Internet link: gov.wales/coronavirus-covid-19-support-businesses
The Coronavirus Business Interruption Loan Scheme
In the Budget the Chancellor announced the implementation of the Coronavirus Business Interruption Loan Scheme, which will support the continued provision of finance to UK businesses during the COVID-19 outbreak. Delivered by the British Business Bank, the scheme will temporarily replace the Bank's Enterprise Finance Guarantee scheme, with an additional £1 billion made available on top of existing support supplied via the programme.
The government will increase the scope of the Business Interruption Loan Scheme announced in the Budget from £1.2 million to £5 million, with no interest due for the first six months.
Extended access to Statutory Sick Pay (SSP)
As part of a package to widen the scope of SSP and make it more accessible, SSP entitlement will begin from the first day of sickness absence, rather than the fourth, for those who have COVID-19,or self-isolate in accordance with government guidance.
SSP relief for SMEs
Small and medium-sized businesses will be allowed to reclaim SSP paid for absence due to COVID-19. The refund will cover up to two weeks' SSP per eligible employee who has been off work because of COVID-19. Employers with fewer than 250 employees will be eligible, with the size of an employer being determined by the number of people they employed as of 28 February 2020. Employers will be able to reclaim expenditure for any employee who has claimed SSP as a result of COVID-19. Employers should maintain records of staff absences, but employees will not need to provide a GP fit note.
The eligible period for the scheme commenced the day after the regulations on the extension of SSP to self-isolators came into force on 13 March 2020. The government intends to work with employers over the coming months to set up the repayment mechanism for employers as soon as possible. It stated that existing systems are not designed to facilitate employer refunds for SSP.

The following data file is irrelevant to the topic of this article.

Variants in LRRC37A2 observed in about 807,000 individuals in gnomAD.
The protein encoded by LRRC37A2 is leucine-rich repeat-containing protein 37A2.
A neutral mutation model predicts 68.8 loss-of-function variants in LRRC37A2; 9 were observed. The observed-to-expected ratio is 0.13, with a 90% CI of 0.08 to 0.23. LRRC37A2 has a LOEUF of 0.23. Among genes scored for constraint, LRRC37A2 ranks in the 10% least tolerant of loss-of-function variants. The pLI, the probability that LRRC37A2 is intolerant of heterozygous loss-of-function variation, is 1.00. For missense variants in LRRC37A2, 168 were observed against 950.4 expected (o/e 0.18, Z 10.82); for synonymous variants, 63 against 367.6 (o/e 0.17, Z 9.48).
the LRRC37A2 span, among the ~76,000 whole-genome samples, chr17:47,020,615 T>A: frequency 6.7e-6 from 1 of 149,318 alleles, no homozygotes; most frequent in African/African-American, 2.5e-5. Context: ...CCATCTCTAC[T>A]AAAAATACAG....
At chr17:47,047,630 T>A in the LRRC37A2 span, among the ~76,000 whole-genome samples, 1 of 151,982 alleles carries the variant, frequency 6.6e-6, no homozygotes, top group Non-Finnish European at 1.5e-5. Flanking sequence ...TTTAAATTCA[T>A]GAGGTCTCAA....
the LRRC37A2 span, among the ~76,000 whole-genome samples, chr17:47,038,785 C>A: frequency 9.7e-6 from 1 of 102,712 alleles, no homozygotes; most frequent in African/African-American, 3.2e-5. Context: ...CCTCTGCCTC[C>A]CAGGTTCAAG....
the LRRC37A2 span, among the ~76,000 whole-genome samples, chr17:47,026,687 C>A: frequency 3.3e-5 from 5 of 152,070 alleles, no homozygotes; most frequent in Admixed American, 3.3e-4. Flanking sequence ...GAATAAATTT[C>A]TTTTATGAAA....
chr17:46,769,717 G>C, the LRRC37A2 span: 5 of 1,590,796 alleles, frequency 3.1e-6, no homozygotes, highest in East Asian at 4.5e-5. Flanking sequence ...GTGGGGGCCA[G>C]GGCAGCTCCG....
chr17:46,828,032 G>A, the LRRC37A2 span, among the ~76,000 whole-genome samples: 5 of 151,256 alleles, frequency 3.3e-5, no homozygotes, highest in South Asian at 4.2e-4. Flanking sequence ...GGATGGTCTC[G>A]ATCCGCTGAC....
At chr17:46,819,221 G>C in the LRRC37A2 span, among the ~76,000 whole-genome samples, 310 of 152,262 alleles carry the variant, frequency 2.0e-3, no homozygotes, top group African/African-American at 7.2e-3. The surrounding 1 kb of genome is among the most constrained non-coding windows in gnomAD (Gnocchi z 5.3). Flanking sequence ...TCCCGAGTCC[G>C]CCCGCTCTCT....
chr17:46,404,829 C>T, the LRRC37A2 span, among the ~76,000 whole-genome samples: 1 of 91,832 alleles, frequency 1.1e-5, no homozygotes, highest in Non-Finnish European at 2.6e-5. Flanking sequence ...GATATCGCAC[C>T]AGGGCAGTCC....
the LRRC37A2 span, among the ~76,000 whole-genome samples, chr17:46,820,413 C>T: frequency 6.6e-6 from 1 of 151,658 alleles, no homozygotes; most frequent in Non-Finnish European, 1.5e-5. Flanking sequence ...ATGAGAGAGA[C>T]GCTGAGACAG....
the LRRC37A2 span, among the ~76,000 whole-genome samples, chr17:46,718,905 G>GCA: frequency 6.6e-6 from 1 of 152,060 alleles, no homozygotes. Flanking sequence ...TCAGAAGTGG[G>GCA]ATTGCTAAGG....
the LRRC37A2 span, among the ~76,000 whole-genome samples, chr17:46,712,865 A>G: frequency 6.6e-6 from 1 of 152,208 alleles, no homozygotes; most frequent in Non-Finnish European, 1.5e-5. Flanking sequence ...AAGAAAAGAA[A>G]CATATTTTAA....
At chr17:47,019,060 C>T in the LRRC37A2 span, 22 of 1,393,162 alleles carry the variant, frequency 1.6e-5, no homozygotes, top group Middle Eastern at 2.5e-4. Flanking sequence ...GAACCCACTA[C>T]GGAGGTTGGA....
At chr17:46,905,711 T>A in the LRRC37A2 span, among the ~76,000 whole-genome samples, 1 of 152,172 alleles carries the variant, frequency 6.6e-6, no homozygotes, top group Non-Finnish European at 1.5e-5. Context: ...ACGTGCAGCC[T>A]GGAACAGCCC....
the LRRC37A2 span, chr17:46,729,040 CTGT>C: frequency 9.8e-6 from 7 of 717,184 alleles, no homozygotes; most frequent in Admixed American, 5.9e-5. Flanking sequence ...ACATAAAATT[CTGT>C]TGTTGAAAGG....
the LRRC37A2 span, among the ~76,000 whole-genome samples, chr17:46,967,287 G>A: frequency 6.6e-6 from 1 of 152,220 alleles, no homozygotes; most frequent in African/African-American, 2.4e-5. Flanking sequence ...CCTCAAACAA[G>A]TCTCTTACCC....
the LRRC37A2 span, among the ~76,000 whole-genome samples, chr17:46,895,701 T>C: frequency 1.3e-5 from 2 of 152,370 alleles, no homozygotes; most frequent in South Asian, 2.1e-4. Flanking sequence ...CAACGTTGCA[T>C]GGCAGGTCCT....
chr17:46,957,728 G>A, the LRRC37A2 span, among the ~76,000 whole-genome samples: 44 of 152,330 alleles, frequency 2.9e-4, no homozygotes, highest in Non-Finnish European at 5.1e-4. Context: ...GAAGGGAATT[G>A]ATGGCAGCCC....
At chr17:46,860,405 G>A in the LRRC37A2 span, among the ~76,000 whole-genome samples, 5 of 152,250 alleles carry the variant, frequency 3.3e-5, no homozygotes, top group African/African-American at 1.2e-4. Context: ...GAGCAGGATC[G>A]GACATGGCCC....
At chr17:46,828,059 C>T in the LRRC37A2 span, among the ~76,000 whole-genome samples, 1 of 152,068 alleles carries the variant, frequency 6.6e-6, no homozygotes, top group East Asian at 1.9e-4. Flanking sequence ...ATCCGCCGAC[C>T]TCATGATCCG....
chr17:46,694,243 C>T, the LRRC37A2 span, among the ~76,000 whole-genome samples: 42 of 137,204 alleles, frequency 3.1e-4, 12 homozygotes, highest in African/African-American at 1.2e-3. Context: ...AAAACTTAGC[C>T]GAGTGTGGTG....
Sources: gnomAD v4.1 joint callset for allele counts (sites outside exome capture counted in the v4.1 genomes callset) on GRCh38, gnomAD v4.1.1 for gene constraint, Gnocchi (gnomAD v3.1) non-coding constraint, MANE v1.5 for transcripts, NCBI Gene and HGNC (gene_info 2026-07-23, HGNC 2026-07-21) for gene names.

Expanded access to Time to Pay
The government will ensure that businesses and self-employed individuals in financial distress and with outstanding tax liabilities receive support with their tax affairs.
HMRC has set up a dedicated COVID-19 helpline, on 0800 0159 559, for those in need, and they may be able to agree a bespoke Time to Pay arrangement. Time to Pay gives businesses a time-limited deferral period on HMRC liabilities owed and a pre-agreed time period to pay these back.
HMRC delays introduction of off-payroll rules to private sector
HMRC has delayed the introduction of off-payroll rules to the private sector as part of its measures to support businesses through the coronavirus (COVID-19) pandemic.
The reforms will shift the responsibility for assessing employment status to the organisations employing individuals. The rules would have applied to contractors working for medium and large organisations in the private sector, and were due to come into effect on 6 April. Steve Barclay, Chief Secretary to the Treasury, stressed that the introduction of the rules has simply been delayed, rather than cancelled. The rules will now take effect on 6 April 2021.
In a statement, HMRC said: 'This is part of additional support for businesses and individuals to deal with the economic impacts of COVID-19.
'This means that the different rules that exist for inside and outside the public sector will continue to apply until 6 April 2021.'
The introduction of the off-payroll rules to the private sector, which are known as IR35 and have applied to the public sector since 2017, was reviewed earlier this year. The changes were due to go ahead alongside the implementation of measures to support affected businesses and individuals.
We are here to help and advise you in these difficult times. The latest government guidance can be found by accessing GOV.UK coronavirus webpage.